Several readers advised people not to eat at the University. As Zhegrushi put it :

The campus is the most overrated fast food in history.

Brohio216 says wet clothing:

Lightweight, breathable fabrics. Look, you all … I live in northeastern Ohio right now, and when people say anything about being hot or humid outside, I just roll my eyes. You won’t get to know the hot one until you’ve spent your summer in GA. Yes, southern Georgia is worse, but the daily ATL pollution warnings and the lack of any breeze really make you think you made a bad life choice. Spend 10 minutes outside, walking between bars, and you may well just die from the heat.

Always keep deodorant handy and powder boys daily. It’s not for nothing that everyone wears very short khaki shorts and polo shirts.

Kyle gives a tip on taxes to new residents:

Georgia has a lot of counties. and the county lines are pretty weird in the metro area. Wherever you decide to live, just keep the county in mind, because taxes are different: DeKalb, Cobb, Fulton are different counties. In addition, the City of Atlanta may have its own taxes.

Dad Van Twi started a long but polite discussion with this airport advice:

If you need to get from one side of the airport to the other and you are in a hurry / planning to run or walk fast, do not take the train. I needed to get from D to A, and I decided to take a walk when the train was not there. I got to A at about the same time as the train. YMMV, of course.

Speaking of long walks, nine comments later, the Pope backed up his feedback with a map and some math.

There are approximately 1000 feet between terminals. At 4 miles per hour (if I walked slower, I felt like I was standing still), that’s 5.866 fps, or about 2 2/3 minutes for a sharp stroll through the terminal. It will run faster.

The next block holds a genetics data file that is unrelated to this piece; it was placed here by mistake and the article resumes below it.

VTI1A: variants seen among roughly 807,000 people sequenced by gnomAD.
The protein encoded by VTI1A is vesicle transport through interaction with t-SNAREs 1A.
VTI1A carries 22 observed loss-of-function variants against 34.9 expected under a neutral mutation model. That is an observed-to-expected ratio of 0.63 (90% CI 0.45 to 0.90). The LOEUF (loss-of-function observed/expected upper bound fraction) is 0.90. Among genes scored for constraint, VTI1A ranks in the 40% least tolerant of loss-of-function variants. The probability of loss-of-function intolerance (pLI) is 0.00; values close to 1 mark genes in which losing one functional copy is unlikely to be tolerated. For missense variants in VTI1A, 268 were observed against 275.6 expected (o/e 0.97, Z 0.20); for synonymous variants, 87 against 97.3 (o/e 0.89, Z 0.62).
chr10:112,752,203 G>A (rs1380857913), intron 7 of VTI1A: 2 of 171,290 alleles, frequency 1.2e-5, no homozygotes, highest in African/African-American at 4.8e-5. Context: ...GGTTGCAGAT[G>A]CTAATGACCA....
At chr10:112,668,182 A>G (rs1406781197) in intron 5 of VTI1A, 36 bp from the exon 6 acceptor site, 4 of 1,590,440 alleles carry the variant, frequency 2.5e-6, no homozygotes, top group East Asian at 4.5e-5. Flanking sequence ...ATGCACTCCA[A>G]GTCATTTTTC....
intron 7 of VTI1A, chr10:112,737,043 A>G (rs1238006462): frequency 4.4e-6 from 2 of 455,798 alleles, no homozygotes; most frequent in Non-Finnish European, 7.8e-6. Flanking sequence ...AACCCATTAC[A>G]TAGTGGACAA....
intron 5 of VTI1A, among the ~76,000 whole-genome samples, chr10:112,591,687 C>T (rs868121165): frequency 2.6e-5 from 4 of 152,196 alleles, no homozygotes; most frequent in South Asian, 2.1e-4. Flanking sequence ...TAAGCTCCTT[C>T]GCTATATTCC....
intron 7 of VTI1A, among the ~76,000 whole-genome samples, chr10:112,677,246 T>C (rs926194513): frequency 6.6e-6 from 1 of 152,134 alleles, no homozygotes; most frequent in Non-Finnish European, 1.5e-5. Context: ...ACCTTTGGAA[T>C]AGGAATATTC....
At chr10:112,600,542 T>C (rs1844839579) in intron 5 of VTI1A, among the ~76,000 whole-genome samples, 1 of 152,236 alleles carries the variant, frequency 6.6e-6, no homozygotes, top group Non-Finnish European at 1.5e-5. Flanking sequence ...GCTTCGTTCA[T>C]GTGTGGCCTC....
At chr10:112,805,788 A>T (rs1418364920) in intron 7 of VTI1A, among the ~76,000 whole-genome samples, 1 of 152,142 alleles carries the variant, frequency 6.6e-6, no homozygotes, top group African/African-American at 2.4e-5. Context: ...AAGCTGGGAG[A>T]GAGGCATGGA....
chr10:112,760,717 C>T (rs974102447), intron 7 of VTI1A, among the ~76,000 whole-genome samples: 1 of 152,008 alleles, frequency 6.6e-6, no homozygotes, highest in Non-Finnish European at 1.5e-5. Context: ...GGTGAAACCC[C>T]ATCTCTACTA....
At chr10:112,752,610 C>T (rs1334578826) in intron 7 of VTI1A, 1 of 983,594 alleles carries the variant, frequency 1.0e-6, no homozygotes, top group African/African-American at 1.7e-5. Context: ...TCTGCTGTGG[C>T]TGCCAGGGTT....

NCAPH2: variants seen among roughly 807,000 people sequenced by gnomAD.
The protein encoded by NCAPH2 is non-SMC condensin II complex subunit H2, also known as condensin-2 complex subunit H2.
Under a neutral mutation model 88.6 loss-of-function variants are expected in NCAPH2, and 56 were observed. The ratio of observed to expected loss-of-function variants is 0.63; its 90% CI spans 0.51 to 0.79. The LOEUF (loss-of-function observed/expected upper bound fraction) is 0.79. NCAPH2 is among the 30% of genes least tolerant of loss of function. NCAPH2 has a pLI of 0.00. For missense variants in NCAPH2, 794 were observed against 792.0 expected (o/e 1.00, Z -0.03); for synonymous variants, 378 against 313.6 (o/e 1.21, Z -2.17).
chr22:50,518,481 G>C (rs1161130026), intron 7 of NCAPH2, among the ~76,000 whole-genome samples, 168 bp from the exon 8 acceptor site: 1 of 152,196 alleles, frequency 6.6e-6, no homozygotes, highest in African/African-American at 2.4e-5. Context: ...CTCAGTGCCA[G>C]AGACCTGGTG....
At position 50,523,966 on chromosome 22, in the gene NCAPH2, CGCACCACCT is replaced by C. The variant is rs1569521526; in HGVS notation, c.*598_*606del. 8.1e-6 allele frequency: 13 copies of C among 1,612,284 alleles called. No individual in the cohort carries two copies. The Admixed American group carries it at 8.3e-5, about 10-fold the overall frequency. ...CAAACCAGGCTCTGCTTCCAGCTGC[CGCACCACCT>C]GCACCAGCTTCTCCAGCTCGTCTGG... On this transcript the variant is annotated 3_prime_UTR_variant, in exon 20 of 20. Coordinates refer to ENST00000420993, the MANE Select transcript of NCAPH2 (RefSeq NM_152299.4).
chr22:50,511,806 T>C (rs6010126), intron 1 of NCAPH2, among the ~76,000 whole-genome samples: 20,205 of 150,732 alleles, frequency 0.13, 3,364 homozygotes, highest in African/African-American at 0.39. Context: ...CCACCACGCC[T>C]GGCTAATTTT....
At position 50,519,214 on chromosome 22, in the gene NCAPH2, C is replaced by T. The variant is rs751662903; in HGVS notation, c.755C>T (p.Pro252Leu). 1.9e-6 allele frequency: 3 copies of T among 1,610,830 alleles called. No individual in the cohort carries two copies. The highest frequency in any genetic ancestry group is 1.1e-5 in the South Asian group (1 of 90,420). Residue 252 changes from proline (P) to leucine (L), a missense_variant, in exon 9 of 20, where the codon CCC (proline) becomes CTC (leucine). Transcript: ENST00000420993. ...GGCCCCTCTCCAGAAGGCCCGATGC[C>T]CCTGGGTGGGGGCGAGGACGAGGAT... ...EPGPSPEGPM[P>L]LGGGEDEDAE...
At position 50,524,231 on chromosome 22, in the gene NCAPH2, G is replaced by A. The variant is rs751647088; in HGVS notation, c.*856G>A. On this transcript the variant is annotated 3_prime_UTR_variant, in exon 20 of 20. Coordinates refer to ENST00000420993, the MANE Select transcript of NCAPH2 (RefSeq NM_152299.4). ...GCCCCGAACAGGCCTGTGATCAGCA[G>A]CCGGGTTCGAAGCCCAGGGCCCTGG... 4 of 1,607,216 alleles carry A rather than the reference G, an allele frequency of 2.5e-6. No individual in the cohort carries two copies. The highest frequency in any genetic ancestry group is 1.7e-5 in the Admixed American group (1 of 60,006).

Sayahillman gives museum rivers:

The new Center for Civil and Human Rights: The Atlanta Civil Rights Museum is wonderful and I’m not usually a museum person. They have done an amazing job using technology to create multimedia, interactive, beautifully designed experiences. The Dining Counter exhibit is a must – an emotional, terrible, frightening necessity.

Traffic in Atlanta sounds intimidating. A NotTheOne-WasTaken reader noticed that cars were driving behind at 75 mph; Reader Monjo replied:

If you don’t get to 80, you are probably going too slowly.

According to jdfighter , it’s worth moving to avoid traffic jams :

If you are moving here, for the sake of your own sanity, find a place to live close to where you will be working. Traffic is no joke here, and I promise it is worth paying more for less money, but get closer to your job.

And for pedestrians, snot says:

If you see a cross in the middle of an intersection, it is not a pedestrian crossing. Just don’t.

Nosy also recommends a music festival:

And here are two tons of city-wide cranbaise dishes:

That’s all! Come back Monday when we need tips for a bilingual city.